Requirements for Medicaid from the U.S. Department of Health and Human Services:

“You may qualify for free or low-cost care through Medicaid based on income and family size. In all states, Medicaid provides health coverage for some low-income people, families and children, pregnant women, the elderly, and people with disabilities. In some states the program covers all low-income adults below a certain income level.”

A total of nine states are now considering following Kentucky’s plan, they are Arizona, Arkansas, Indiana, Kansas, Maine, New Hampshire, North Carolina, Utah and Wisconsin. Expect many more in the upcoming months. Kentucky was just the first domino to fall. For a more detailed look at the statistical breakdown of Medicaid recipients look at the Kaiser Family report. They provide an interesting data on the work breakdown of Medicaid enrollees.

 

 

 

An Interesting blog about the concerns of healthcare changes, by Mr. Williams

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4 in 5 Americans are aware of potential changes to healthcare policy brewing in Washington, DC. 92% of them are concerned about those changes, according to Healthcare Consumers in a Time of Uncertainty, the fifth annual survey from Transamerica Center for Health Studies. Peoples’ most-shared fears are losing their coverage for pre-existing conditions, out-of-pocket spending, and […]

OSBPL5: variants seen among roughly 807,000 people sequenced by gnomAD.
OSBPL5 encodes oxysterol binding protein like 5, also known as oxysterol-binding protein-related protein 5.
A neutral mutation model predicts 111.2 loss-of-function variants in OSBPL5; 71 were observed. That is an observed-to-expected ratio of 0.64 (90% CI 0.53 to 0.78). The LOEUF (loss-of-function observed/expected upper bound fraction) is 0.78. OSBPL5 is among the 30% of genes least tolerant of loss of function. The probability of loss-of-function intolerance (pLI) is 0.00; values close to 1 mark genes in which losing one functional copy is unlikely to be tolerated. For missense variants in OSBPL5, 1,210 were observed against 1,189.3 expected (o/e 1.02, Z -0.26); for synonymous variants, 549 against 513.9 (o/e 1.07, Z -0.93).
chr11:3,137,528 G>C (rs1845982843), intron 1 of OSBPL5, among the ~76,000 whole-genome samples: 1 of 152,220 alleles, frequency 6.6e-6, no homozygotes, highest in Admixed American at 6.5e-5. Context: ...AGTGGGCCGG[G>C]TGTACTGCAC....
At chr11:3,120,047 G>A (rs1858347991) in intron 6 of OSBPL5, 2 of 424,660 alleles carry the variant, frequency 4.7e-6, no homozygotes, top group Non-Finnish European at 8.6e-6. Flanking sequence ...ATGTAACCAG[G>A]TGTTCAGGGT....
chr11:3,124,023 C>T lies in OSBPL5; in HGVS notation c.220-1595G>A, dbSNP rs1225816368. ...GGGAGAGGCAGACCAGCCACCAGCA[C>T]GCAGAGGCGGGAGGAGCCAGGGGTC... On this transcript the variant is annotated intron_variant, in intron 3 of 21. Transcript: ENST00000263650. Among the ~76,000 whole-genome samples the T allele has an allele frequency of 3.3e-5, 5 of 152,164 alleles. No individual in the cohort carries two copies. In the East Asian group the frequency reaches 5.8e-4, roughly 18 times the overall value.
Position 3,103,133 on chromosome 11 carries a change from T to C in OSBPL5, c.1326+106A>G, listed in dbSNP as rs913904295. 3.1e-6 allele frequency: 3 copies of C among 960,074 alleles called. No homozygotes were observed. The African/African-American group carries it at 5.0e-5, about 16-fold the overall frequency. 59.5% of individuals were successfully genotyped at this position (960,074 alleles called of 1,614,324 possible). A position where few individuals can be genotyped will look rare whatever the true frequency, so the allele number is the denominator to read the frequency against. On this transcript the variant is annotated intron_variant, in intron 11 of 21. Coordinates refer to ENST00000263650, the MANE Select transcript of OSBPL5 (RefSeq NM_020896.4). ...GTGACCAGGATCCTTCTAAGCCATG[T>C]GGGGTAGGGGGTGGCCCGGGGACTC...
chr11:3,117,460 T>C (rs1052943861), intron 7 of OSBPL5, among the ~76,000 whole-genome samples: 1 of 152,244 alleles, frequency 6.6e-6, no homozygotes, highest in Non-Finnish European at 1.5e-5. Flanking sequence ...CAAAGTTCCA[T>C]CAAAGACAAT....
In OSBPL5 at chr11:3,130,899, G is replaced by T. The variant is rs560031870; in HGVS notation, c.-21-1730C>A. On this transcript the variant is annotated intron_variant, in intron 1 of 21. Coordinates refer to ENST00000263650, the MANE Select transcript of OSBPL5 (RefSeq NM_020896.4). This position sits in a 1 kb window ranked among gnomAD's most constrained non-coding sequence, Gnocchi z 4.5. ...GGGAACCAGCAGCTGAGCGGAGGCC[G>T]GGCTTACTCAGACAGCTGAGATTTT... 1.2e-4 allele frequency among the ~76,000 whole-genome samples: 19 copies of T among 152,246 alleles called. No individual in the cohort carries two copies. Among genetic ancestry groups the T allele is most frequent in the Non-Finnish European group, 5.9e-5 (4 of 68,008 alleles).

via Most Americans Are Concerned About Healthcare Policy, and Costs Top the List of Concerns — Anthony Williams

The Power of CRISPR — By Isabelle Ribe

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Something amazing can be found in the DNA of bacteria: CRISPR (Clustered Regularly Interspaced Short Palindromic Repeats) genes. They allow bacteria to detect and defend themselves against invading viral genetic material, and it looks like there may be a way to use these DNA sequences for human genome editing.